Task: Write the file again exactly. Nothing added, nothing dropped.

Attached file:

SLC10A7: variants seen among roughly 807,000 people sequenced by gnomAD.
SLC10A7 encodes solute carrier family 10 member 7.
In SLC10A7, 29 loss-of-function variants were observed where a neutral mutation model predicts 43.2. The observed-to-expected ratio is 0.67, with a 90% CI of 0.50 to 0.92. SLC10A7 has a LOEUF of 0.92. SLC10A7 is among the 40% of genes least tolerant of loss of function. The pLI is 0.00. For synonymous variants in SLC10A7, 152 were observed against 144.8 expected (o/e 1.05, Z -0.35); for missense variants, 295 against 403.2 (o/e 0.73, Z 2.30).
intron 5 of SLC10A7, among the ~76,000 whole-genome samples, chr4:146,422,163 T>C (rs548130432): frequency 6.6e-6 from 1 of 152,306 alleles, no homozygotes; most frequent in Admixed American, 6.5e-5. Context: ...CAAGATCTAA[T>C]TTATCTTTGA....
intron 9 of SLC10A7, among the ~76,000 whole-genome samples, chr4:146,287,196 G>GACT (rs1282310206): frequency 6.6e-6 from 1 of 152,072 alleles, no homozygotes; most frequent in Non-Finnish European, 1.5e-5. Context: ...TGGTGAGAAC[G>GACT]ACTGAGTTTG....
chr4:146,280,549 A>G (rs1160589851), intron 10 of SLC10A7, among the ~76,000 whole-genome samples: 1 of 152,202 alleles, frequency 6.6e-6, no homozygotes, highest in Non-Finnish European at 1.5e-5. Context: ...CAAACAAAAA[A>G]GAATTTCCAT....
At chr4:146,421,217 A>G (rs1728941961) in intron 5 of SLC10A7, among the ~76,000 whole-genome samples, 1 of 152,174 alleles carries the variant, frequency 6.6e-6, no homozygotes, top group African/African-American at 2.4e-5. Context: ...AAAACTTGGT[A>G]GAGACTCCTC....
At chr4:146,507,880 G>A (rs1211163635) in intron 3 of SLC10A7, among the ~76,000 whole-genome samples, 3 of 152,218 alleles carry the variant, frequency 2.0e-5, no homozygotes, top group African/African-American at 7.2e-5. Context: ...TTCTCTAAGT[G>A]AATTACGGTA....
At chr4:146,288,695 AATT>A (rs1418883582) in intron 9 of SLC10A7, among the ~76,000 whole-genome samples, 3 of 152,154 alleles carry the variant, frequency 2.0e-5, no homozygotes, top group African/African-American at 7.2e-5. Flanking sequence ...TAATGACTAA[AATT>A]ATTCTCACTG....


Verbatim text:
SLC10A7: variants seen among roughly 807,000 people sequenced by gnomAD.
SLC10A7 encodes solute carrier family 10 member 7.
In SLC10A7, 29 loss-of-function variants were observed where a neutral mutation model predicts 43.2. The observed-to-expected ratio is 0.67, with a 90% CI of 0.50 to 0.92. SLC10A7 has a LOEUF of 0.92. SLC10A7 is among the 40% of genes least tolerant of loss of function. The pLI is 0.00. For synonymous variants in SLC10A7, 152 were observed against 144.8 expected (o/e 1.05, Z -0.35); for missense variants, 295 against 403.2 (o/e 0.73, Z 2.30).
intron 5 of SLC10A7, among the ~76,000 whole-genome samples, chr4:146,422,163 T>C (rs548130432): frequency 6.6e-6 from 1 of 152,306 alleles, no homozygotes; most frequent in Admixed American, 6.5e-5. Context: ...CAAGATCTAA[T>C]TTATCTTTGA....
intron 9 of SLC10A7, among the ~76,000 whole-genome samples, chr4:146,287,196 G>GACT (rs1282310206): frequency 6.6e-6 from 1 of 152,072 alleles, no homozygotes; most frequent in Non-Finnish European, 1.5e-5. Context: ...TGGTGAGAAC[G>GACT]ACTGAGTTTG....
chr4:146,280,549 A>G (rs1160589851), intron 10 of SLC10A7, among the ~76,000 whole-genome samples: 1 of 152,202 alleles, frequency 6.6e-6, no homozygotes, highest in Non-Finnish European at 1.5e-5. Context: ...CAAACAAAAA[A>G]GAATTTCCAT....
At chr4:146,421,217 A>G (rs1728941961) in intron 5 of SLC10A7, among the ~76,000 whole-genome samples, 1 of 152,174 alleles carries the variant, frequency 6.6e-6, no homozygotes, top group African/African-American at 2.4e-5. Context: ...AAAACTTGGT[A>G]GAGACTCCTC....
At chr4:146,507,880 G>A (rs1211163635) in intron 3 of SLC10A7, among the ~76,000 whole-genome samples, 3 of 152,218 alleles carry the variant, frequency 2.0e-5, no homozygotes, top group African/African-American at 7.2e-5. Context: ...TTCTCTAAGT[G>A]AATTACGGTA....
At chr4:146,288,695 AATT>A (rs1418883582) in intron 9 of SLC10A7, among the ~76,000 whole-genome samples, 3 of 152,154 alleles carry the variant, frequency 2.0e-5, no homozygotes, top group African/African-American at 7.2e-5. Flanking sequence ...TAATGACTAA[AATT>A]ATTCTCACTG....